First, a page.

The opinion of the court was delivered by: David G. Larimer United States District Judge
Plaintiff, Kevin Sheils, appearing pro se, commenced this action under 42 U.S.C. § 1983. Plaintiff, an inmate in the custody of the New York State Department of Correctional Services ("DOCS"), has sued a number of defendants, all of whom at all relevant times were officials or employees of DOCS. Plaintiff alleges that his constitutional rights were violated in several respects in 2008 and 2009.
Two of the defendants, R. Jordan and Nurse Kunes, have moved for summary judgment dismissing the complaint, pursuant to Rule 56 of the Federal Rules of Civil Procedure. Plaintiff has not responded to the motion. For the reasons that follow, defendants motion is granted, and plaintiff's claims against Jordan and Kunes are dismissed.
I. Plaintiff's Failure to Respond to the Summary Judgment Motion Rule 56(e) of the Federal Rules of Civil Procedure provides that [w]hen a motion for summary judgment is made and supported as provided in this rule, an adverse party may not rest upon the mere allegations or denial of the adverse party's pleading, but the adverse party's response by affidavits or as otherwise provided in this rule must set forth specific facts showing that there is a genuine issue for trial. If the adverse party does not so respond, summary judgment, if appropriate, shall be entered against the adverse party. The Court of Appeals for the Second Circuit has held that when a party moves for summary judgment against a pro se plaintiff, either the movant or the district court must provide the plaintiff with notice of the consequences of failing to respond to the motion. Vital v. Interfaith Med. Ctr., 168 F.3d 615, 620 (2d Cir. 1999); see also Irby v. New York City Transit Auth., 262 F.3d 412, 413 (2d Cir. 2001).
In the instant case, both defendant's notice of motion (Dkt. # 16) and the Court's scheduling order (Dkt. # 24) gave plaintiff ample notice of the requirements of Rule 56 and the consequences of failing to respond properly to a motion for summary judgment. There is no question, then, that plaintiff has been adequately advised of the pendency of the motion, of the need for him to respond and the form in which he should do so, and of the consequences of not responding to defendants' arguments and factual allegations. Since plaintiff has not done so, the Court may accept the truth of defendants' factual allegations, and determine whether defendants are entitled to summary judgment. See Crenshaw v. Syed, 686 F.Supp.2d 234, 235-36 (W.D.N.Y. 2010); Pettus v. McGinnis, 533 F.Supp.2d 337, 338-39 (W.D.N.Y.2008).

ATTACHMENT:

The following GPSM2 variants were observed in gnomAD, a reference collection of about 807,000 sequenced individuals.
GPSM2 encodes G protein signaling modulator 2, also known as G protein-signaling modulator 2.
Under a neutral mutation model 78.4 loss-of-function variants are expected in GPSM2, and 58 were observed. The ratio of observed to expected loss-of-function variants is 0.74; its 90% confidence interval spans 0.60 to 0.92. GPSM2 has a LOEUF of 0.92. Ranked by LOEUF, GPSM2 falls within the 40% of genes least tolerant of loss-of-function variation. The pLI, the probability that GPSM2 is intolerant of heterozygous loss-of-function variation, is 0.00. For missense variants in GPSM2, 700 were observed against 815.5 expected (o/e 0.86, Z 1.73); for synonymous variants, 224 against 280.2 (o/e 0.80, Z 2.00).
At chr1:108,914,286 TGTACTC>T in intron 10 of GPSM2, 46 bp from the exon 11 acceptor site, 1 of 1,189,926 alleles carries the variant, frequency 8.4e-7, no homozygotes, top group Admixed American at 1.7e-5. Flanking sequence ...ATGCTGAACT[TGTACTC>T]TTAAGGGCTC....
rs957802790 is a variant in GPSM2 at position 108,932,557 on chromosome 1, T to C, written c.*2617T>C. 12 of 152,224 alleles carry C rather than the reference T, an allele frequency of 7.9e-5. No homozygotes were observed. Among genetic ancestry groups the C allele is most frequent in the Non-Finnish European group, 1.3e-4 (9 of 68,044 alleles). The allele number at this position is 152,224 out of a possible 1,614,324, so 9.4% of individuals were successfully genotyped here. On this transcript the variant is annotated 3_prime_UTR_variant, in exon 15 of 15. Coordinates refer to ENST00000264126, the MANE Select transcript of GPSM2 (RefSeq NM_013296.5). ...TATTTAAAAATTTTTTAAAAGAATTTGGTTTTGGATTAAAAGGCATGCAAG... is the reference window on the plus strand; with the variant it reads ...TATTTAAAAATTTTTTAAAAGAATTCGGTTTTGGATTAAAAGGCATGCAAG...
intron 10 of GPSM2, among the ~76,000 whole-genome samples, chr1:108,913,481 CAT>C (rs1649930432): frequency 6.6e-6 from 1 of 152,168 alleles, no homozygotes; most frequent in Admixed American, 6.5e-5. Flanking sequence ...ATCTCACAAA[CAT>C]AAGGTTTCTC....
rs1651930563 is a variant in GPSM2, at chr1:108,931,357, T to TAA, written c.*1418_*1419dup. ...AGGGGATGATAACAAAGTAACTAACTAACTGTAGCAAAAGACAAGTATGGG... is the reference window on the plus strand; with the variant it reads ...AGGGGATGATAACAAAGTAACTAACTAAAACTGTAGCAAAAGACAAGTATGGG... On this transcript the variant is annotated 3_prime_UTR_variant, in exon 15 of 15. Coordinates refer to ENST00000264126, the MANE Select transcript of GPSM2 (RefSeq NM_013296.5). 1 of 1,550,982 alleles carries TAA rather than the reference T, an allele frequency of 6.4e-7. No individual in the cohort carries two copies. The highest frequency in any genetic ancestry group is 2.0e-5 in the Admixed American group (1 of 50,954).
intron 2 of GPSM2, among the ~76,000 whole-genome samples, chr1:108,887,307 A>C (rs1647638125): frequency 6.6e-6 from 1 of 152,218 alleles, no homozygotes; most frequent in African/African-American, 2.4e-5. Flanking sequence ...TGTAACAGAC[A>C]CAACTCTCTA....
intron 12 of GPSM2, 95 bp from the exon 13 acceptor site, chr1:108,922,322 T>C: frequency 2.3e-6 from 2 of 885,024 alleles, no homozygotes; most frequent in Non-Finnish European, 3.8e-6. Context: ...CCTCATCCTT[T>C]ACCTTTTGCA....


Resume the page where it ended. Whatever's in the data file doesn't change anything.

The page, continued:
Plaintiff alleges that Jordan, who is identified as the "Director of [Inmate] Classification and Movement," allowed plaintiff to be transferred back to Attica Correctional Facility, after plaintiff had been temporarily transferred to a different facility for medical treatment, despite plaintiff's letter to Jordan asking that he not be returned to Attica, because plaintiff had been assaulted there previously by two correction officers. Plaintiff alleges that after his return to Attica, he was assaulted and injured by several officers. He asserts that Jordan violated his rights under the Eighth Amendment to the United States Constitution, by his deliberate indifference to a risk to plaintiff's safety.
To make out this claim against Jordan, plaintiff must show that 'he [wa]s incarcerated under conditions posing a substantial risk of serious harm,' and that [Jordan] had 'knowledge that [plaintiff] face[d] a substantial risk of serious harm and ... disregard[ed] that risk by failing to take reasonable measures to abate the harm.'" Id. (quoting Hayes v. New York City Dep't of Corr., 84 F.3d 614, 620 (2d Cir. 1996)).
The evidence before me fails to support this claim against Jordan. When he wrote to Jordan about the transfer, plaintiff offered only his own unsubstantiated allegations that he had been assaulted there in the past. Plaintiff's grievance about the alleged assault had been dismissed, see Complaint at 43, and there is simply no ground upon which a factfinder could conclude that Jordan acted with deliberate indifference to any specific threat to plaintiff's safety. See Shell v. Brun, 585 F.Supp.2d 465, 468-70 (W.D.N.Y. 2008).
As to Nurse Kunes, plaintiff alleges that on August 27, 2008, certain wires that had been implanted in his jaw as a result of a prior injury broke loose, and that when he saw Kunes for treatment, she said to him that "there was nothing she could do about it ... ." Complaint § 66. When plaintiff told Kunes that the surgeon who implanted the wires had given "strict orders to have wire cutters on hand at all times" for just such situations, Kunes responded that she "did not care what the surgeons ordered, there were no wire cutters." Complaint § 67.
Kunes has stated in a declaration, which stands unopposed in the record, that wire cutters "were kept in the prison infirmary at all relevant times," but that it was, and is, her understanding that they were to be used only "in the event [plaintiff] encountered airway distress," which was not the situation with which she was confronted on August 27, 2008. Dkt. #19 ¶¶ 6-8. She states that as a nurse, she was not qualified, under DOCS procedures, to address plaintiff's complaints regarding the broken wires attached to his jaw.
Plaintiff's allegations against Nurse Kunes fail to make out a viable Eighth Amendment claim. In particular, he cannot show that Kunes was deliberately indifferent to plaintiff's serious medical need, or that she intended to cause him pain. It appears that Kunes correctly followed DOCS procedures when she saw plaintiff, but even if plaintiff could show that she acted negligently, that would not be enough to make out an Eighth Amendment claim. See Colantuono v. ...